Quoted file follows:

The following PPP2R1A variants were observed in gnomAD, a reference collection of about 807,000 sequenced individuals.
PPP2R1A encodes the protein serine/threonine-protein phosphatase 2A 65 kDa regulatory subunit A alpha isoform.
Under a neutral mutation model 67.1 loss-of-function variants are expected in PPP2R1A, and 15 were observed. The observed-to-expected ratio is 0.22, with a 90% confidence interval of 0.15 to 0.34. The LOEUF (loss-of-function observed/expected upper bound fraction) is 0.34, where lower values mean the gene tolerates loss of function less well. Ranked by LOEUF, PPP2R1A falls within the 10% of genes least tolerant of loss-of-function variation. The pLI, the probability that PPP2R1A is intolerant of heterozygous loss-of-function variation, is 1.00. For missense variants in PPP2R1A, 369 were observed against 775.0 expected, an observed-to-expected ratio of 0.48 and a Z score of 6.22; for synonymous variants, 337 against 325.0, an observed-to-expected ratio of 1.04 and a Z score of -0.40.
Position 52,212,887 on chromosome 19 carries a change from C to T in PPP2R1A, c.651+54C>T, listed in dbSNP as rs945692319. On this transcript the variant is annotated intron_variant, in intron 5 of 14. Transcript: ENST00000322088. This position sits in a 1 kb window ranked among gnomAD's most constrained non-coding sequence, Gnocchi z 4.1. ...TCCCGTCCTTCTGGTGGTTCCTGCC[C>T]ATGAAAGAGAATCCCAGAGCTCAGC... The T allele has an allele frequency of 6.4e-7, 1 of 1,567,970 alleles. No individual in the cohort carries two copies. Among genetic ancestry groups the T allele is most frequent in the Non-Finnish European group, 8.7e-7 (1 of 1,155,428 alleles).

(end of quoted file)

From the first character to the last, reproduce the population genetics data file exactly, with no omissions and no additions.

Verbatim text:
The following PPP2R1A variants were observed in gnomAD, a reference collection of about 807,000 sequenced individuals.
PPP2R1A encodes the protein serine/threonine-protein phosphatase 2A 65 kDa regulatory subunit A alpha isoform.
Under a neutral mutation model 67.1 loss-of-function variants are expected in PPP2R1A, and 15 were observed. The observed-to-expected ratio is 0.22, with a 90% confidence interval of 0.15 to 0.34. The LOEUF (loss-of-function observed/expected upper bound fraction) is 0.34, where lower values mean the gene tolerates loss of function less well. Ranked by LOEUF, PPP2R1A falls within the 10% of genes least tolerant of loss-of-function variation. The pLI, the probability that PPP2R1A is intolerant of heterozygous loss-of-function variation, is 1.00. For missense variants in PPP2R1A, 369 were observed against 775.0 expected, an observed-to-expected ratio of 0.48 and a Z score of 6.22; for synonymous variants, 337 against 325.0, an observed-to-expected ratio of 1.04 and a Z score of -0.40.
Position 52,212,887 on chromosome 19 carries a change from C to T in PPP2R1A, c.651+54C>T, listed in dbSNP as rs945692319. On this transcript the variant is annotated intron_variant, in intron 5 of 14. Transcript: ENST00000322088. This position sits in a 1 kb window ranked among gnomAD's most constrained non-coding sequence, Gnocchi z 4.1. ...TCCCGTCCTTCTGGTGGTTCCTGCC[C>T]ATGAAAGAGAATCCCAGAGCTCAGC... The T allele has an allele frequency of 6.4e-7, 1 of 1,567,970 alleles. No individual in the cohort carries two copies. Among genetic ancestry groups the T allele is most frequent in the Non-Finnish European group, 8.7e-7 (1 of 1,155,428 alleles).